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I'm trying to understand a bash script whose first four lines are:

#!/bin/sh
SCRIPT="`basename $0 | sed 's/\..*$//'`"
CONFIG=${1:-$HOME/.$SCRIPT}
DIR=${2:-$HOME/Documents}

I understand that the last two lines are doing parameter substitution on paths input as script arguments 1 and 2, but I've been unable to figure out how this works (e.g. here). What does the ":-" part mean? Sorry for the newbie question.

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1 Answer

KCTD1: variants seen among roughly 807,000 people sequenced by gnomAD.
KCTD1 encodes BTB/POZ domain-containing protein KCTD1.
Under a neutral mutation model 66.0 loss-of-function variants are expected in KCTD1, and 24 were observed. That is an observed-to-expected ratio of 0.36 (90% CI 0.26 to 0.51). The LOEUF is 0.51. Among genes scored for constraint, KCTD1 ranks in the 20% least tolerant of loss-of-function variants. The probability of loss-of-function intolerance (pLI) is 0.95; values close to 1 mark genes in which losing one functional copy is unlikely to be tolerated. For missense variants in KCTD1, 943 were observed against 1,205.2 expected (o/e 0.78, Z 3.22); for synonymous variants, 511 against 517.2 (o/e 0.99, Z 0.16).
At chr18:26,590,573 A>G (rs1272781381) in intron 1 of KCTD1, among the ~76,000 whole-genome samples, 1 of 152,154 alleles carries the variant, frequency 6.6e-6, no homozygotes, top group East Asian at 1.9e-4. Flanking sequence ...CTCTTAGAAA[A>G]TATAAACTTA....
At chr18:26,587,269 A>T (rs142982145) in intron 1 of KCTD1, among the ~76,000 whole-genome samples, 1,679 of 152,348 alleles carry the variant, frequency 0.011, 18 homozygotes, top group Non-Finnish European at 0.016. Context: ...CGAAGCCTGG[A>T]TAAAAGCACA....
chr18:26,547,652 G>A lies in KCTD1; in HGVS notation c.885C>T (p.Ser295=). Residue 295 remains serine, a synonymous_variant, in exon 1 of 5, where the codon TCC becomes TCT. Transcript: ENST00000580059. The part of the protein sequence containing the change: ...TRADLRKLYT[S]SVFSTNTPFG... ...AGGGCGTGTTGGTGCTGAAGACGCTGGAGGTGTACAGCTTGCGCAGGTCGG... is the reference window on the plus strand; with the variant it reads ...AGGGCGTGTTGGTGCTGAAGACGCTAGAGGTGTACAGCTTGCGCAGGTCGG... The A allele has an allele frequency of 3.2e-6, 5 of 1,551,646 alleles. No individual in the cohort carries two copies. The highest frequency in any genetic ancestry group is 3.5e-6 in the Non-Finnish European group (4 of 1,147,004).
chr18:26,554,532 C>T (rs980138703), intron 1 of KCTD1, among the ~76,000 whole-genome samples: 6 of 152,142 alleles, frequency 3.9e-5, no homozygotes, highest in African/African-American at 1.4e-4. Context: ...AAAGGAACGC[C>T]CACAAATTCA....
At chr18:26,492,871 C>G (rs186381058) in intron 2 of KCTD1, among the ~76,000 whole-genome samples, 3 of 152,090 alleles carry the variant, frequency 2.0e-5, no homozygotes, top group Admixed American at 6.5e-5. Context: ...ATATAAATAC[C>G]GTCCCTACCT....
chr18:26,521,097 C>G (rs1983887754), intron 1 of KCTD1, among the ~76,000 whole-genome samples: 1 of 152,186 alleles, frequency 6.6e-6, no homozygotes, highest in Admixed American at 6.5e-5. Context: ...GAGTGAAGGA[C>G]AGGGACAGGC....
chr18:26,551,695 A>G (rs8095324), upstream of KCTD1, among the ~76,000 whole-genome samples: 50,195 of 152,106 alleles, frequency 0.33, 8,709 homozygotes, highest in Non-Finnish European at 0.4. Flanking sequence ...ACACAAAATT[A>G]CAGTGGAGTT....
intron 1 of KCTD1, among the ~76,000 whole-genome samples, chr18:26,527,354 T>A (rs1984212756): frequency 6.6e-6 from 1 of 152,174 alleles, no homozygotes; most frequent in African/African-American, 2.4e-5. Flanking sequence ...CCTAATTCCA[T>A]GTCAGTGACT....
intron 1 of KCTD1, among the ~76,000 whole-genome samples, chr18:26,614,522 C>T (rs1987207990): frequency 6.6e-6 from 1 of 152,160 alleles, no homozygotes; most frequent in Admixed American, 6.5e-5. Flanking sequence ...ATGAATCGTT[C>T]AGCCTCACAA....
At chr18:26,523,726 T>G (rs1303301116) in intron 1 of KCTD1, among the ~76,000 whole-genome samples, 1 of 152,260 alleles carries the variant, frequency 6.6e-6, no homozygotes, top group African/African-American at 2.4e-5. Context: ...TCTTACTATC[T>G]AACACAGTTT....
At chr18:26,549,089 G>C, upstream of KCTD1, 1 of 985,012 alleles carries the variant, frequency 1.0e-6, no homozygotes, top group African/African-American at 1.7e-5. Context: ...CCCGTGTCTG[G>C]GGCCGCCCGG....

up vote 2 down vote accepted

From man bash:

   ${parameter:-word}
          Use Default Values.  If parameter is unset or null, the expansion of word is substituted.  Other‐
          wise, the value of parameter is substituted.

Very easy to find, with man bash, and then /:-. The slash introduces a search, and :- is just the content to search for. Else, searching in bash can get very boring, because it is huge, but here it is the first hit.

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Apologies. Didn't think to look there. –  telliott99 Apr 23 '12 at 20:00
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